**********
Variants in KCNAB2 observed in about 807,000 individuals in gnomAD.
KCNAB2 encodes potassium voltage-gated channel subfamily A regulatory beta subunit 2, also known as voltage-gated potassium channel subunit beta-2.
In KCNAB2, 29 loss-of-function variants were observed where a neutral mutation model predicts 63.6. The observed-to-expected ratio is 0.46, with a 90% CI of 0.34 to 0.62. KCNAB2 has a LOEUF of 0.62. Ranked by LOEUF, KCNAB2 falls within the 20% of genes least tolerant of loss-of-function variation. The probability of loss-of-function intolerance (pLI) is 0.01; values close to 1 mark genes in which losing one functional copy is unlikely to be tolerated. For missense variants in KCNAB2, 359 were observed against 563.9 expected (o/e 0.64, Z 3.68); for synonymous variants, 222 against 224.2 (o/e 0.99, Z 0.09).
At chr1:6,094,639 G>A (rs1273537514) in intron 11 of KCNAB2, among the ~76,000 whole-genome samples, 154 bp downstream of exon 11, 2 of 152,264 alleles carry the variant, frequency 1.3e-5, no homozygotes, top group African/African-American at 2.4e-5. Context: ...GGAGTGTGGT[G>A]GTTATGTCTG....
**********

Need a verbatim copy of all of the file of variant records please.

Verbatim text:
Variants in KCNAB2 observed in about 807,000 individuals in gnomAD.
KCNAB2 encodes potassium voltage-gated channel subfamily A regulatory beta subunit 2, also known as voltage-gated potassium channel subunit beta-2.
In KCNAB2, 29 loss-of-function variants were observed where a neutral mutation model predicts 63.6. The observed-to-expected ratio is 0.46, with a 90% CI of 0.34 to 0.62. KCNAB2 has a LOEUF of 0.62. Ranked by LOEUF, KCNAB2 falls within the 20% of genes least tolerant of loss-of-function variation. The probability of loss-of-function intolerance (pLI) is 0.01; values close to 1 mark genes in which losing one functional copy is unlikely to be tolerated. For missense variants in KCNAB2, 359 were observed against 563.9 expected (o/e 0.64, Z 3.68); for synonymous variants, 222 against 224.2 (o/e 0.99, Z 0.09).
At chr1:6,094,639 G>A (rs1273537514) in intron 11 of KCNAB2, among the ~76,000 whole-genome samples, 154 bp downstream of exon 11, 2 of 152,264 alleles carry the variant, frequency 1.3e-5, no homozygotes, top group African/African-American at 2.4e-5. Context: ...GGAGTGTGGT[G>A]GTTATGTCTG....